On May 11, UNC-Chapel Hill student Sara Isaacson was on Capitol Hill meeting with North Carolina Congressional offices to discuss her recent ROTC discharge by the government for being gay. Isaacson was attending the university on a full Army ROTC scholarship, which the government now says she must pay back. The amount she owes, they contend, is $79,265.14.

“Our first meeting this morning went very well. I was able to share my story and tell them about my dream to follow my grandfather and become an Army doctor. I think it was beneficial for them to hear it directly from me,” Isaacson said. “I believe in living up to the military’s core values of integrity. If I could serve openly and honestly, I’d seriously consider returning to school today and serving my country after graduation.”

In a January letter to the commander of her Army ROTC program, Isaacson stated she is a lesbian. For being honest about her sexual orientation, she was discharged in March under “Don’t Ask, Don’t Tell.” School officials have told her she will need to repay the government the nearly $80,000 in student funding provided by her ROTC scholarship.

“Sara’s story is the latest reminder of why ‘Don’t Ask, Don’t Tell’ needs to be repealed now,” said Aubrey Sarvis, executive director of Servicemembers Legal Defense Network. “‘Don’t Ask, Don’t Tell’ strips the military of talented young people like Sara for simply being who they are — it’s not only discrimination but it’s weakening our national security. We need Congress and the president to voice their support for ending this law this year.”

SLDN officials say the group is contacted by a number of ROTC students every year who are impacted by “Don’t Ask, Don’t Tell.” According to Legal Director Aaron Tax, if service members are deemed to be coming out as gay or lesbian “voluntarily,” they can expect the military to recoup against them on a pro-rated basis. This is a consequence of the federal court decision rendered in Hensala v. Department of the Air Force.

> The Maryland state Department of Budget and Management has decided to make the Employee and Retiree Health and Welfare Benefits Program inclusive of same-sex couples who have legal marriages performed in other states. The policy goes into effect July 1. Maryland does not offer same-sex marriages.

> The U.S. Department of Health and Human Services’ Advisory Committee on Blood Safety and Availability will meet June 10 and 11 to discuss the ban on blood donations by men who have sex with men. The federal rule was adopted in 1983 as an early response to the AIDS epidemic. Opponents say the ban is unnecessary with modern methods of testing for blood safety.

> Stonewall Democrats has launched ElectEquality (www.electequality.org), its 2010 election program to give LGBT and allied Democrats a way to coordinate their energies on behalf of pro-equality candidates. An online vote running through June 18 will help narrow a shortlist of 30 candidates; the top five vote getters will be included and Stonewall PAC will select the other five. The final 10 will be the beneficiaries of a coordinated online and offline campaign. Among those up for the vote is North Carolina U.S. Senate candidate Elaine Marshall.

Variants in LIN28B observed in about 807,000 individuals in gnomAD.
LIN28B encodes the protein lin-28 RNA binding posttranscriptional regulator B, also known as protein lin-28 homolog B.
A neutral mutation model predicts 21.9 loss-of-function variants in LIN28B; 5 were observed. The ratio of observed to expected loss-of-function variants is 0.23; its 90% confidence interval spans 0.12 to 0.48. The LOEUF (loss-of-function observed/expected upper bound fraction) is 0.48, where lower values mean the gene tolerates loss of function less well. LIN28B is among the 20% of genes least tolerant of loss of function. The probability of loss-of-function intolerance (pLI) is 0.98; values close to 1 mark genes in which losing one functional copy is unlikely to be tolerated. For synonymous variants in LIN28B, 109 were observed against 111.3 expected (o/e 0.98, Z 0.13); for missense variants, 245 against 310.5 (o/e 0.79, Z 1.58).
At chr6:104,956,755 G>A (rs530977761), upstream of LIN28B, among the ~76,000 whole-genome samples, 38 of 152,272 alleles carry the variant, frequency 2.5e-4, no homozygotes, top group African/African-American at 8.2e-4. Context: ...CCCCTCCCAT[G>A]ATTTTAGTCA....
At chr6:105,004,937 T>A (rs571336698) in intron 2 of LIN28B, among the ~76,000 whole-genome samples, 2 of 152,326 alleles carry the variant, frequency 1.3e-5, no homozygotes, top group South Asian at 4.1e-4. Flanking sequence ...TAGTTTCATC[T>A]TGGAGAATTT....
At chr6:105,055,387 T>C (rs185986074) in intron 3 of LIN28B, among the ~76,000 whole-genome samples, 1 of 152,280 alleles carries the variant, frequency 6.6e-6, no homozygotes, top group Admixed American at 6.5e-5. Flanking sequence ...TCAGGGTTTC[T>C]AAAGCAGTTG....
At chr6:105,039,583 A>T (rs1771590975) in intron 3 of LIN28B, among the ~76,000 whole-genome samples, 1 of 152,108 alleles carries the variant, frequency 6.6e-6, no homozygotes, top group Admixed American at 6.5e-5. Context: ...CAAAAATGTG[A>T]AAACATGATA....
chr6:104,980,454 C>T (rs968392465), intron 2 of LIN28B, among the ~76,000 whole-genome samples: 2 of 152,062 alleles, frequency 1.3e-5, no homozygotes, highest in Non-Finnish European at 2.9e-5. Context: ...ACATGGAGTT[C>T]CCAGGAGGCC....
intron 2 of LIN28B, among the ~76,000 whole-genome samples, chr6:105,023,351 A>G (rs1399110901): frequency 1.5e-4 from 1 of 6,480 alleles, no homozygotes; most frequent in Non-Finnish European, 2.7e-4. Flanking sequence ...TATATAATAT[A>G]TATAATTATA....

> Sen. Al Franken and 22 cosponsors have introduced the Student Non-Discrimination Act which would prohibit discrimination in schools on the basis of sexual orientation and gender identity/expression. The Senate version is a companion bill to H.R. 4530, introduced by Rep. Jared Polis in the House early this year.

> Staunch anti-LGBT Rep. Mark Souder (R-IN) is resigning from the U.S. House in the wake of an affair with a member of his staff. Souder has scored a zero on every Human Rights Campaign scorecard since entering Congress in 1995. He has consistently voted against employment protections, hate crimes laws, increases in HIV/AIDS funding and measures extending equality to same-sex couples.

> The Gay, Lesbian and Straight Education Network has named Danielle Smith of Topsham, Maine, as its Student Advocate of the Year. In addition to serving as Mt. Ararat High School’s Gay-Straight Alliance president and Southern Maine’s Jump-Start leader, Smith has regularly been quoted in newspapers and appeared on news broadcasts to talk about issues involving the rights all students have to an education in a safe and inclusive environment.

> On May 17, the fifth annual International Day Against Homophobia was commemorated by individuals, agencies and governments around the globe. The first IDAHO was observed in 2005, the result of a French-led effort to raise awareness of and campaign for LGBTQ people worldwide.

> Portugal’s conservative President Anibal Cavaco Silva reluctantly ratified a law allowing gay marriage, making his country the sixth in Europe to let same-sex couples wed. Silva said he did not veto the bill because majority liberal lawmakers would only overturn his decision. : :

David Stout

David Stout is the associate editor of QNotes. He can be reached at editor2@goqnotes.com.

One reply on “UNC ROTC member discharged, billed”

  1. Funny how people are so obsessed with the political posturing. Ignoring the politics this is just an example of a young woman trying to work the system. She’s taking advantage of ROTC policy. She was fine with taking their money for four years knowing they don’t let open gays serve but now that she has to fulfill her military service obligation she is suddenly full of gay pride.

    I say repeal don’t, don’t tell and make this wannabe con artist fulfill her obligation.

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